Lori looks at Lynn, then me. Lori has survived a divorce and stomached already one divide of shared goods. She has learned to be selective and cautious. She lifts the crinoline skirts. “Take them,” I say. “They are perfect for you.” She smiles, relieved. “I’d like the hat, too,” Lori says, looking at Lynn. “It would mean a lot to me.” Lynn grasps the Dior and strokes its sides. She inspects the weave, smells it briefly. After a time, she returns it to the table. Lori takes her pieces, puts them aside.
The trousseau remains. I lift the sheer gown, and it swings before me, flaunting the desires of a woman alive in her skin. I imagine my mother as she once was, the woman in the photos, the electric mind in fabulous clothes laughing with friends and dancing on the boardwalk. The woman she was a lifetime ago, before the silencing began.
I want to believe that it was beautiful for her, at least those initial days of the exuberant freeing from virginity. I want to connect with that spirit, its powerful innocence, its vibrant determination. I want to unfold in its embrace.
My sisters look solemnly at me. Though they will not give up their treasures, they are sorry, sorry for me, sorry that I must retain the trousseau of that first night. It makes them uneasy, this billowing enticer, a participant in our parents’ coupling.
I don’t explain, I don’t have to. This is my right as the one silenced in the middle. I don’t tell them how thrilled I am, that it isn't exactly the gown that I want, but the energy it contains. If I can touch my mother’s essence maybe I can once again find my own truth, and through this, offer my daughter a possibility to claim hers.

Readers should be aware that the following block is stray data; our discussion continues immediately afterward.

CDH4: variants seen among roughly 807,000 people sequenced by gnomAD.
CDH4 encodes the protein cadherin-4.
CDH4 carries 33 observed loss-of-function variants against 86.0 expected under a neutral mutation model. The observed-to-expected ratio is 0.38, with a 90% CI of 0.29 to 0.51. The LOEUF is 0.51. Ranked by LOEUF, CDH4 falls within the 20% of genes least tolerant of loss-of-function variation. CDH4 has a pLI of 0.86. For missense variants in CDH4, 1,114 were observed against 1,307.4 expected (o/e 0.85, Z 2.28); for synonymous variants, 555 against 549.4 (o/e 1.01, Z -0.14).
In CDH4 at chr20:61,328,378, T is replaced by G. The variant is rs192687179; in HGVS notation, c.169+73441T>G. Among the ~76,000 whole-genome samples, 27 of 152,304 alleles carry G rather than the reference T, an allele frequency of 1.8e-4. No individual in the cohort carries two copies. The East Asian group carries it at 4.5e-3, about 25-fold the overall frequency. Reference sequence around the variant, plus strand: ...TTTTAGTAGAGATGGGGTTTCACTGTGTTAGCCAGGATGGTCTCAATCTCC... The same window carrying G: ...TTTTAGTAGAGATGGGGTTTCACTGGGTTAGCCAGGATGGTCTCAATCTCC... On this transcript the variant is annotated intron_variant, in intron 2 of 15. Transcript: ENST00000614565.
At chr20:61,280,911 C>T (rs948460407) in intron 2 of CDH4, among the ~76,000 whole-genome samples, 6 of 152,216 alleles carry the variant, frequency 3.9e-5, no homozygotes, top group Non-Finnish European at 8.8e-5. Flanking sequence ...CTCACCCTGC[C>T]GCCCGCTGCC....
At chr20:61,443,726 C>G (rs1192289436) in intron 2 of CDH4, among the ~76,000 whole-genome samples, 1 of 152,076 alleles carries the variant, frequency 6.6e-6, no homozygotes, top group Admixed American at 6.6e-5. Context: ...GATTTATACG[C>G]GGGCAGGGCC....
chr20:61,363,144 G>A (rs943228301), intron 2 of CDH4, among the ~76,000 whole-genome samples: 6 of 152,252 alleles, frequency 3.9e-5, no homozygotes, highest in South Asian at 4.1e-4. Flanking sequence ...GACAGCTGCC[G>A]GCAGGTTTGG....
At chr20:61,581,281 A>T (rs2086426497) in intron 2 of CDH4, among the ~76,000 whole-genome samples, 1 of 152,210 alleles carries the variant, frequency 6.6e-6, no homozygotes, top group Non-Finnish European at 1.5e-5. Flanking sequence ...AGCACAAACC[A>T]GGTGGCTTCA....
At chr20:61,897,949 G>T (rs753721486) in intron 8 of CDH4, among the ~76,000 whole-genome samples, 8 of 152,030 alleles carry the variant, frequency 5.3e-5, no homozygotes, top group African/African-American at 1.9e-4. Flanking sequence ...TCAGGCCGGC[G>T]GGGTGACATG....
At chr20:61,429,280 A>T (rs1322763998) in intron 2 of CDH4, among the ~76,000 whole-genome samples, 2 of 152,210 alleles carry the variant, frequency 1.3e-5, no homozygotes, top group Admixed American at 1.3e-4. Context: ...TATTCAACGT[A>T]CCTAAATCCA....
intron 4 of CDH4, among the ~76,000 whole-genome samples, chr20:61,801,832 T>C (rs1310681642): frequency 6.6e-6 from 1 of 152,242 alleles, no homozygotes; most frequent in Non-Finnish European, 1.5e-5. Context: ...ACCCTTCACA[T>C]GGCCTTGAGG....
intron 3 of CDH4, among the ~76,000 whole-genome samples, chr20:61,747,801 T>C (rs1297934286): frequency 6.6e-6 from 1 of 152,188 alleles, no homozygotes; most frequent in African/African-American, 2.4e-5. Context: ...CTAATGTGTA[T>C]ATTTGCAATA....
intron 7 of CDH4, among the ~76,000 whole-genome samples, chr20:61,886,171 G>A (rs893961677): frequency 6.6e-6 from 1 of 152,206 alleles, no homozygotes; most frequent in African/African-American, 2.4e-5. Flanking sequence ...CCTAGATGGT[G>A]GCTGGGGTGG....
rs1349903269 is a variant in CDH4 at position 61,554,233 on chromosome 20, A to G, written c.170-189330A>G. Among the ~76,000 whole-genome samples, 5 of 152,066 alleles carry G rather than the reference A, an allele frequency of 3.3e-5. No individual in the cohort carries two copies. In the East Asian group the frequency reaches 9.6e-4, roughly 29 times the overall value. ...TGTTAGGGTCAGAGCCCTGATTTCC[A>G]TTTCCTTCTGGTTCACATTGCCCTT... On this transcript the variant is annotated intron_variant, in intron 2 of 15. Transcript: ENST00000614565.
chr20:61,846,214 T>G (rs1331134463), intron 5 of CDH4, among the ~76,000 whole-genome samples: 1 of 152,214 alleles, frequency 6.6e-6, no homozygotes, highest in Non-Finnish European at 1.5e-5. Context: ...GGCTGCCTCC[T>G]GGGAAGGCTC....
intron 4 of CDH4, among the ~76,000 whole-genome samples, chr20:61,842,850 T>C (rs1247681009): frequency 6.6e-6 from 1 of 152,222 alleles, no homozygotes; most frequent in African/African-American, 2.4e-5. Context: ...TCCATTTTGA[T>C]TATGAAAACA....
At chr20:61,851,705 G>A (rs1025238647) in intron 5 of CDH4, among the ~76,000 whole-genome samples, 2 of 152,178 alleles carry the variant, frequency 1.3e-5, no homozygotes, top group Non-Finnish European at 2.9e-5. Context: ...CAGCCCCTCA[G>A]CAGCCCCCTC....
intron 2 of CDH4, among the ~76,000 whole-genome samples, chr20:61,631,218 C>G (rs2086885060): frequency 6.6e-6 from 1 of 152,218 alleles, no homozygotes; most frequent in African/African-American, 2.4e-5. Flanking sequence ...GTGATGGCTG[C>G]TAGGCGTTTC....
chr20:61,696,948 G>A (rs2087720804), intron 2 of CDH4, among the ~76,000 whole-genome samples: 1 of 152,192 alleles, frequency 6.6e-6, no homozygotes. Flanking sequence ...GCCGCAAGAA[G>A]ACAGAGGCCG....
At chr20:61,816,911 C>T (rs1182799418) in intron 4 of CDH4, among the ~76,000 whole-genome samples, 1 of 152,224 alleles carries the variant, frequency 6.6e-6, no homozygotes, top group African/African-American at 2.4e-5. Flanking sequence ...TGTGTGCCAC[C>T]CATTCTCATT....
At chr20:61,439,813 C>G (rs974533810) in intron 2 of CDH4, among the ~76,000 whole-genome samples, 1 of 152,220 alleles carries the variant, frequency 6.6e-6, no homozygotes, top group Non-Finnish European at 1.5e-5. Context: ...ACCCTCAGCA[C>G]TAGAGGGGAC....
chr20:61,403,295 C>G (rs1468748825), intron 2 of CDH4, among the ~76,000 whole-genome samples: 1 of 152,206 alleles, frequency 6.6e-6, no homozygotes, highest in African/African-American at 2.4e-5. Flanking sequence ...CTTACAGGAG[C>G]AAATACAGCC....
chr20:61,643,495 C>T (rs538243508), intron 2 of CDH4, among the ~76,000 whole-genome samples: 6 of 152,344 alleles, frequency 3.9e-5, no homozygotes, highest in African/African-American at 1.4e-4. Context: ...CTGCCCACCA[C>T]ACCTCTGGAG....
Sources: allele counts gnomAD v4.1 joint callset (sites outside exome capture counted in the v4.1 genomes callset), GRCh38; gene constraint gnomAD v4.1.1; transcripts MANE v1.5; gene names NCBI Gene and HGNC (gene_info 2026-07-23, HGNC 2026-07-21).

It's evening, and I soak in a rose mint tub. A bubble hovers on my skin. I blow it a gentle puff and it is carried off perilously on an air stream. I pull a toe through the foam at the surface. A fragrant mist rises.
I step from the bath and towel dry, tapping each water droplet until it pops on my skin. I wrap my hair up high and slide the negligee over my warm shoulders. The bodice’s soft lace presses against my breasts. The fabric is forgiving, light as a joyous thought. It's true: my mother was my size once.
I slip into the cover-up letting the satin tie dangle open. The aroma of rose is rich in the soft light. “Mom,” I whisper. “Are you here?”
I spin a pirouette. The fabric lifts, the flowers dance.
Lisa Richter is a fiction writer and poet and a member of the Community of Writers at Squaw Valley. Her work has appeared in The Santa Monica Review and is forthcoming in the Squaw Valley Review, Orange Coast Review, and Unbroken. She mentors at WriteGirl, cooks when she’s not writing, and lives hilltop in Laguna Beach, California. She has a daughter and a son.